Lost and Found, Part 1: Father’s Day
I had to use the GPS to find my cousin’s funeral. The same roads where I once “cut my teeth” as a young driver were now all a little suspect, within my memory, at least. Kennedy Street or Grant Avenue? Kennedy Street or Grant Avenue? I have always interchanged the names of those two roads for as long as I can remember.
The monotoned electronic commands (and my severely atrophied muscle memory) signaled me to the correct street. Dressed in my Sunday best, I pulled into the empty parking lot and exited my car. The neighborhood always had it’s quaint charm harkened back from another era, but was never the very safest one for as long as I knew it. It is another casualty of the steel mill industry. Because of this, I expected a slight uneasiness when I arrived. But today was vastly different from anything I had anticipated. I exited the car into nothing, literally no one. The streets were dead, quiet, like a ghost town. I have never seen Duquesne in such a state. I used to pass by people all the time when I was growing up there. People driving their cars, people entering the tiny little grocery store, complete with a butcher that always resembled Sam from the Brady Bunch to my young eyes, the local pharmacy complete with soda fountain and a wall of black and white images documenting the town’s history. But after a decade’s absence, all was silent and askew. Burnt out buildings and abandoned businesses aligned part of my route as I turned towards my destination.
I walked towards the stairs of the funeral home. I could hear my heels click on the brick surface of the road and echo off the leftover buildings. I felt nervous. It felt like a a nuclear holocaust had engulfed the town. I reached for the door. Locked! I slumped to the stairs calling my sister. The newspaper obituary had listed the times wrong.
Irritated, I hung up the phone and headed out. I ventured towards my old street. I don’t know what I was looking for but I wanted to find some reason to be in town on that day. I wanted to find something else other than the nothing I was given in that moment. I parked along side the neighbor’s house on 4th Street. I sat in my car for what felt like forever. I eventually got out to take some pics but was extremely timid about my approach. Now I regret not snapping a few more. The street was more active than any other spot in the town, but I felt a disconnect. I felt like an outsider. I was no longer on what was once my turf. I became distracted by the happenings in the church across the street.
I got back in my car and tried to decipher what was going on. I smelled food grilling. My need to pee overrode everything in that moment. I walked over to the tables and chairs that were set up on the parish lawn and asked what was going on. A burger benefit for the church was the reply. I began asking questions about my old neighborhood and in particular my old neighbor who was the priest at that particular church. I was told they were away, then the kindly gentleman cooking the burgers invited me to eat. I promised I would eat if I could use their restroom.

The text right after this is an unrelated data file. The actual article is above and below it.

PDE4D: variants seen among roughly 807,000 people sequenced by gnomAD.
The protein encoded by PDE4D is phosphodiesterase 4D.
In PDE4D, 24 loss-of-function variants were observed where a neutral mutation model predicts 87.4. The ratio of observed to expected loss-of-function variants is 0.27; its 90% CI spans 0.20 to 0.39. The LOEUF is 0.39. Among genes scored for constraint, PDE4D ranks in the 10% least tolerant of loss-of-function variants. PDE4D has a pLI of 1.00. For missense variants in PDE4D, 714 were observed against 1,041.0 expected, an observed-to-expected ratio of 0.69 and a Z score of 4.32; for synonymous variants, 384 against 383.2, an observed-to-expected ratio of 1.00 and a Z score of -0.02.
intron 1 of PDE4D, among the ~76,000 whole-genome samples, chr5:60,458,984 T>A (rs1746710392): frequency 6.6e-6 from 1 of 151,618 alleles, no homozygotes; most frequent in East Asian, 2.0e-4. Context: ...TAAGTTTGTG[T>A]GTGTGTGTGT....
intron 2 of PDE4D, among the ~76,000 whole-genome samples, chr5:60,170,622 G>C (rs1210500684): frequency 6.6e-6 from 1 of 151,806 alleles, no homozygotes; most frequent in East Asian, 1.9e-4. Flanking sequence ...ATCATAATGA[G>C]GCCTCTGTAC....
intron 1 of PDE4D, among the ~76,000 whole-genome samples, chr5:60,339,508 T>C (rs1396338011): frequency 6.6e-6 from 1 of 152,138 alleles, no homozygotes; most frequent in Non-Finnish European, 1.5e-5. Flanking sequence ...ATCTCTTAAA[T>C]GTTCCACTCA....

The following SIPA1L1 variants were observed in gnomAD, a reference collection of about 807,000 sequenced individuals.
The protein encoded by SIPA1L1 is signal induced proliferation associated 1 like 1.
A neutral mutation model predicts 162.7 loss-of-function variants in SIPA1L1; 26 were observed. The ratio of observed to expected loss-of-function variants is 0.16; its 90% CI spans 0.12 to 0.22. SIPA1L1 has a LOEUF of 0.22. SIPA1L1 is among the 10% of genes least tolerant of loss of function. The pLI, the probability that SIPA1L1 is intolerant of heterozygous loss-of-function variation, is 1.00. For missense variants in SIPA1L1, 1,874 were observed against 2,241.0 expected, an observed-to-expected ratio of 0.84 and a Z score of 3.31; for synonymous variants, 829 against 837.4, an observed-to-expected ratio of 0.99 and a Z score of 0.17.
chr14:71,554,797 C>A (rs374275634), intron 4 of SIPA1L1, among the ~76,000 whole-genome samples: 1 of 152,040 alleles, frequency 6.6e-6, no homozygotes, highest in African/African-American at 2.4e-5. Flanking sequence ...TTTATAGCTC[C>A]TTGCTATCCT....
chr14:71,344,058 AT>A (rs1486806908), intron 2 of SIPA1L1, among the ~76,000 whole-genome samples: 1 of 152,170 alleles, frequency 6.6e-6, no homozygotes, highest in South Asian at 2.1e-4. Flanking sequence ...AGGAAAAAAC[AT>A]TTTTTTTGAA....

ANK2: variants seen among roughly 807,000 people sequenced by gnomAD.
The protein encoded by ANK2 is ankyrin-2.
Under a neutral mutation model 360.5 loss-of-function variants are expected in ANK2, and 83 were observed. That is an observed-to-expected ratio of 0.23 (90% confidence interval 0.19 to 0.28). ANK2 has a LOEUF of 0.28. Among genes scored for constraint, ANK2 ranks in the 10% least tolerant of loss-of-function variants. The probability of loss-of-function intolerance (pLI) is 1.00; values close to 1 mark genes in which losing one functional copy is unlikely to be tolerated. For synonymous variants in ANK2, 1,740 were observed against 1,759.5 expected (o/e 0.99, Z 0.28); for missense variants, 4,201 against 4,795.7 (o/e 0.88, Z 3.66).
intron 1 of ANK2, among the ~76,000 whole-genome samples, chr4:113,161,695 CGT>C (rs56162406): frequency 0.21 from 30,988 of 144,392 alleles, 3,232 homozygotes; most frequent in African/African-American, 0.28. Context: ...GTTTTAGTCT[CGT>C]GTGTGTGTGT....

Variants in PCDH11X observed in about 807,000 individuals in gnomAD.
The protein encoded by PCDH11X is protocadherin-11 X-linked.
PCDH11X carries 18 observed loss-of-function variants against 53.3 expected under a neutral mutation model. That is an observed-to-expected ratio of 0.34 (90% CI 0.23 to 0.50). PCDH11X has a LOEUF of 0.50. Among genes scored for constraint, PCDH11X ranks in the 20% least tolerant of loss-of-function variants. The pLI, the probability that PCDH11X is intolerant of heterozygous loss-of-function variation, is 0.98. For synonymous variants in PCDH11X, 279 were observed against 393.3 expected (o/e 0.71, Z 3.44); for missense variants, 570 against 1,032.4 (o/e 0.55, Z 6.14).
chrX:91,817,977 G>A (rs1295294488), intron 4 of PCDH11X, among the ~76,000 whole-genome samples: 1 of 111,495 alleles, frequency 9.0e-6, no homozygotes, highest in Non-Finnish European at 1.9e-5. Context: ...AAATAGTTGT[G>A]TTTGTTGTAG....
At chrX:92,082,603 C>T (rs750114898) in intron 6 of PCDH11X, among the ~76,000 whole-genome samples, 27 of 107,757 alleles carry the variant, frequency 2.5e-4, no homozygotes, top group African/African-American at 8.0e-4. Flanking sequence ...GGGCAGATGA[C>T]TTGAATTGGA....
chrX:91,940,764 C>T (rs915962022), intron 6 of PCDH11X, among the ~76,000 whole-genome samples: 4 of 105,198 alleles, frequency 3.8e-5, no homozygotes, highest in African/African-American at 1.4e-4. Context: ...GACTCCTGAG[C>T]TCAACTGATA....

As I gathered my burger and chips, they engaged me in small talk, asked me my last name, and asked me about my house across the street. Of course after being away for 17 years, a last name means very little to most town dwellers who never knew you. As the pleasantries ended, I found an empty table and began to eat my church cooked burger and store bought Lays potato chips. I was keenly aware of the irony of that moment, sitting at a table placed on the lawn of my father’s old Lutheran parish, on the day before father’s day, facing my old residence. Chewing and staring, chewing and staring, chewing and staring at this place that was once so familiar but now lies there askew, worn, and even more disconnected to me than I had ever imagined. A place that my grandfather built right after the second world war. A place that housed several generations of our clan and hosted numerous family get togethers, backyard BBQs and family picnics. In that moment, I felt so very small. I lost any sense I ever felt of belonging to that place, to the people, and to anything else resembling “home”. I imagined this as my final family picnic, laying to rest the ghosts of all who used to inhabit that space.
On the car ride back, I set Little River Band to play on repeat. I was looking for something that resembled WJAS radio to suit the distance, my melancholy, and to take me back to other memories. (“Reminiscing” was always a little too hokey for my taste, especially in this moment.) But the sound of the opening piano chord of “Lady” always takes me back inside the old Pizza Hut my family would frequent. I can still feel the texture of those tacky vinyl checkered tablecloths and see those tiny jukeboxes filled with soft hits of the 70s and 80s that sat on every table. Bad lyrics and melodic chorus crescendos always bring me back home.
I returned to the funeral home the next day with a new found sense of something but I was not sure of what.